Tags

, , , , ,

Of the stories nominated this year, the one that impressed me most was E. Lily Yu’s Cartographer Wasps and the Anarchist Bees. The story covers a period in which a beehive is subjugated by a group surpremely intelligent wasps. The real issue at heart here is colonialism, told through the lens of fantasy. And rarely for the genre, it handles the issue in a balanced way. No hamfistedness here!

That’s one of the most likeable things about this story, too. Not the only thing, but definitely one of them. Rather than try to shove a social commentary into the framework of a genre, Cartographer Wasps integrates very well into the fantasy of genre. It doesn’t take the route of commenting on the social issues of the Here and Now, but touches upon some of the issues that have very long histories – colonialism and social unrest.

A quick recap: Cartographer Wasps begins with a group of wasps, whose nests double as maps of the world. Humans discover the maps, and hunt the wasps to near extinction in pursuit of the beautiful and accurate maps. The last group of wasps flees to an orchard, and quickly turn the beehive into a vassal state. While the bees are educated to perform scribework for the wasps, they are still treated as an underclass. One bee scholar is born an anarchist, a trait which rapidly spreads through subsequent generations of bee scholars. The bees eventually stage a revolt against the wasps, which succeeds, but the revolution rapidly turns inwards, destroying the beehive in the process.

There are so many levels of allegorical meaning in this story that I don’t really know where to begin. Take the humans for example. Their quest to obtain maps is reminiscent of many of the worst episodes in human history – the Spanish quest for gold in the New World, the use of slave labor on cash crops, or overhunting of animals in exchange for valuable goods such as whale oil or egret plumes (yes, 1800s fashion was weird). But they also seem to serve the same role as the Greeks in the founding of the Roman Empire.

As the wasps are hunted towards extinction, one of the last surviving groups flee by floating their nest downriver to an orchard in pursuit of greater achievements than was possible in their previous homeland. Upon arriving, they make short work of the natives (mostly through concessions), forcing them into the roles of menial labor or scribe. Sound familiar? In the Aeneid, Aeneis flees Troy with a group of survivors as the Greeks conquer and raze the city. His destination: Italy, where prophecy says that Aeneis will find far greater glory. While the methods are a little different, Aeneis accomplishes much the same feat: the natives are assimilated into Aeneis’s tribe, although this is a better outcome than what the bees of Cartographer Wasps received.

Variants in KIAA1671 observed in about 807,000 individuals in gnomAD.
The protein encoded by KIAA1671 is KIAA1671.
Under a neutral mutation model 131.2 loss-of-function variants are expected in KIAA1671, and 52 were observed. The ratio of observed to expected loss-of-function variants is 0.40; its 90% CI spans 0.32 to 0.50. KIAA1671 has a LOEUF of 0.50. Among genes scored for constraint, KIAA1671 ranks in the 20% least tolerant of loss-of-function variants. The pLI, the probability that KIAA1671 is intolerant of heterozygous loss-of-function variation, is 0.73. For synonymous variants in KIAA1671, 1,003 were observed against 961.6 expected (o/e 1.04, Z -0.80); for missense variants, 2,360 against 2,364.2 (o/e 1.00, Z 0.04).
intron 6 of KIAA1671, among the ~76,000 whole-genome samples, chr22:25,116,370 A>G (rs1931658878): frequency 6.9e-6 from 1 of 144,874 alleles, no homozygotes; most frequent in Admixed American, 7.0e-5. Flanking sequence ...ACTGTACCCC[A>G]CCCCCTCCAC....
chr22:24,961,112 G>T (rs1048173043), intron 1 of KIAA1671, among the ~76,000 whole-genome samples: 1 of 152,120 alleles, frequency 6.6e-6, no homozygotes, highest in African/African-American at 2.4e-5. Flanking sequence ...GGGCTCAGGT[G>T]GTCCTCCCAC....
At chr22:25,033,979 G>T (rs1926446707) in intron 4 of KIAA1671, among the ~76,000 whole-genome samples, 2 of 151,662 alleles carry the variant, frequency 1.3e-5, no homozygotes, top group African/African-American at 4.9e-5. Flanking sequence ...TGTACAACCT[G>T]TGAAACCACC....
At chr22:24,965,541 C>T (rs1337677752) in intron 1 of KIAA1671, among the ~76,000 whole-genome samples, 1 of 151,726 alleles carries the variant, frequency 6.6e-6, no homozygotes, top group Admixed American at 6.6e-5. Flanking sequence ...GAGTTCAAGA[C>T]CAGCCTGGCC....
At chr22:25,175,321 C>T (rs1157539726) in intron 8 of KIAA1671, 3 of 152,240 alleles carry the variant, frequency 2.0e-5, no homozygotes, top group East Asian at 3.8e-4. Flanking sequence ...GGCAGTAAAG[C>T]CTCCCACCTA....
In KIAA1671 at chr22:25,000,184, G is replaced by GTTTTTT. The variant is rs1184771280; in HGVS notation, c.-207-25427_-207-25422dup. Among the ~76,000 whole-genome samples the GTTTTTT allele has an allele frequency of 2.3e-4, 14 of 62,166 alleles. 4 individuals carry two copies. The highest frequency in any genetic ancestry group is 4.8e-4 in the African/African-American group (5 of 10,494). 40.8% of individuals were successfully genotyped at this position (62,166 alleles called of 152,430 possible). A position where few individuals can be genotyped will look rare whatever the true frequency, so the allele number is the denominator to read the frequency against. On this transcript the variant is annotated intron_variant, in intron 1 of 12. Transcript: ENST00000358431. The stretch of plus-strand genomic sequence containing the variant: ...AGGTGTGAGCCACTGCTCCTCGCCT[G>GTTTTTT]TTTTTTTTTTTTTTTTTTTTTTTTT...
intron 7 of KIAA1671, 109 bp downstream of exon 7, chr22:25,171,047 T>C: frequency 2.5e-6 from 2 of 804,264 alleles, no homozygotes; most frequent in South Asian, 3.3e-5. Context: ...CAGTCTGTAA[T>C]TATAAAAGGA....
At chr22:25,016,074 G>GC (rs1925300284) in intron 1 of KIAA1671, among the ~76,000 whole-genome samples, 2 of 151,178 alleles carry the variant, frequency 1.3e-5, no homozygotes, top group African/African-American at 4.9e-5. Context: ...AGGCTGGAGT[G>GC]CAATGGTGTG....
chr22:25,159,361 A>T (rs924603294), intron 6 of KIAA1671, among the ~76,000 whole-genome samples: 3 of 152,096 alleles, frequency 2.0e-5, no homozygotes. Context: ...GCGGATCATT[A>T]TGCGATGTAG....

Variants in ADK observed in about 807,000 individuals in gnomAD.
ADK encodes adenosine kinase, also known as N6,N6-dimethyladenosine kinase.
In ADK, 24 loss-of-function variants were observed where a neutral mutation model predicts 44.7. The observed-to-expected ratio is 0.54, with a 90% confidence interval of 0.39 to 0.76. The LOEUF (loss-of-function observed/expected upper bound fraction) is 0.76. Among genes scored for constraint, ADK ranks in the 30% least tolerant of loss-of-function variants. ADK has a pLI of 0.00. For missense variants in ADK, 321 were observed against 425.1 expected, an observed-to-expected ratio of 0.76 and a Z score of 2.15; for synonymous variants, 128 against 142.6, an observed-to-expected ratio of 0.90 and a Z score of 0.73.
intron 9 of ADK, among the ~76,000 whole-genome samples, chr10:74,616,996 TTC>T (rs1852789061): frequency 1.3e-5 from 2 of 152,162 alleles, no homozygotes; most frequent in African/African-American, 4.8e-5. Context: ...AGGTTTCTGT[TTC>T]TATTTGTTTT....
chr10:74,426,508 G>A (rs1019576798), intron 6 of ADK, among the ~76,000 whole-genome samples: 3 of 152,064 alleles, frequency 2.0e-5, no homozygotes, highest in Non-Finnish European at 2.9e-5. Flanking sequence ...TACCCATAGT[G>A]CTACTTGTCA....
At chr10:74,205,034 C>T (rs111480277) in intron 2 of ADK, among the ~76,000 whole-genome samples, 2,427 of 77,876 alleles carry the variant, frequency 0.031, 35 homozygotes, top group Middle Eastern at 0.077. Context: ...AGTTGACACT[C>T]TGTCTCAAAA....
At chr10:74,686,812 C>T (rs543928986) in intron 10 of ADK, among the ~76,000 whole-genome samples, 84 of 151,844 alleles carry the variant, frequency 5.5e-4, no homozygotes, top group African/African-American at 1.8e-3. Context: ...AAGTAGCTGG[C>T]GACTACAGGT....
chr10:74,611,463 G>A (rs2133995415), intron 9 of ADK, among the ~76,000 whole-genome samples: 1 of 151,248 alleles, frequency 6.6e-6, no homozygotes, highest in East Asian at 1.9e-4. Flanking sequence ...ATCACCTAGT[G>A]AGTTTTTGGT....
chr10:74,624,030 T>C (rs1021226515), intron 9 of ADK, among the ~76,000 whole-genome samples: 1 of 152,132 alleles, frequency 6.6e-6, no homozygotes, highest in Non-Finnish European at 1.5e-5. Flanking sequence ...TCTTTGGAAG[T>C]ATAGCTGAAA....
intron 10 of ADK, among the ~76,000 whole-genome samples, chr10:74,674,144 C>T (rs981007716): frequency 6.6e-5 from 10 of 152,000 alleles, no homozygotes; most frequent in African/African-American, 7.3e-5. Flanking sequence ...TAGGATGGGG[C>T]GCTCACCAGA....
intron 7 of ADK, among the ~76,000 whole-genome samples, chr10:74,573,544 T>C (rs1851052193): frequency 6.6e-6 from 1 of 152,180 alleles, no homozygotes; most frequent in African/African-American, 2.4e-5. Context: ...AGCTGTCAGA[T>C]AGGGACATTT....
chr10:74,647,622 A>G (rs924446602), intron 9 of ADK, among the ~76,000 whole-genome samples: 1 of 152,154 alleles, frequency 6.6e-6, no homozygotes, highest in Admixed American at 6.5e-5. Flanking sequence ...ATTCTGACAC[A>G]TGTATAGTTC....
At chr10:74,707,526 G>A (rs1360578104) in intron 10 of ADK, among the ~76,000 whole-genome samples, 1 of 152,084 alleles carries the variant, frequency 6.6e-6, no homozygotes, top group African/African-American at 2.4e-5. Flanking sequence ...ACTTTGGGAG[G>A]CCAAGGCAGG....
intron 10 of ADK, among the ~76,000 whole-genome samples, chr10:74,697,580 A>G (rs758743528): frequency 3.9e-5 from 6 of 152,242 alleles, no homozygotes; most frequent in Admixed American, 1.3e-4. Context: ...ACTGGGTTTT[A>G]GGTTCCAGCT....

Education of the vassal colony is also an interesting effect. Most empires, especially those with core nations with very small populations, rely on a network of native subjects to carry out day-to-day affairs. There is a delicate balancing act involved. Too many educated, and any revolt may have ready-made leaders to carry it to completion, while too few leads to an unprepared and undersized administration. In especially brutal occupations, any ideas of nationalism or changes in government rapidly gain currency among the people of the vassal state.

In Cartographer Wasps, education provides bees with the tool to plan their successful revolt against the wasps. The harsh terms of the occupation (heavy manual labor and starvation rations) contribute to unrest amongst the working class of bees, allowing ideas of revolution to spread like wildfire. By insisting on harsh terms, but still culturing an educated underclass, the wasps are essentially giving away a bludgeon and daring someone to use it against them.

Also of note is the toxic effect of colonialism on the subjugated: rather than the desire of the revolutionaries to return to the ways practiced by the hive before they were made vassals, they instead strive to produce a society that is the opposite of the wasps. Where there was once centralization, there would now be individualism. It is a reflection of the human reflex in difficult times to not define themselves by their own culture, but an inversion of the oppressor. Look at the French Revolution: a class of aristocrats, heavily involved in the Catholic church. The reaction: a secular society with equalitarian aims.

The story highlights another aspect of revolution, the ability for a successful revolt to quickly turn in and feed upon itself. This would make sense to some degree. When freed of the oppressor, there is nothing left for a revolution to define itself against. Those definitions are soon attached to other groups that participated in the revolution, and the factions quickly destroy each other. The chaotic phases that the French Revolution entered during the Terror are symptomatic of this. Even modern day revolutions can follow this trajectory; it seems that Libya and Egypt may be experiencing the early rumblings of this phase, and Iraq went through a similar period during the “assisted revolution” of the Second Gulf War.

Cartographer Wasps has a lot to say, and it understates a lot of its message. Swathed in levels of allegory, it reads as a fable or fairy-tale. Despite its serious message about colonialism and social unrest, it never really comes across as preachy. Thus, it avoids one of the major problems I see with modern fiction – it doesn’t fail to entertain while it’s delivering its message.

Advertisements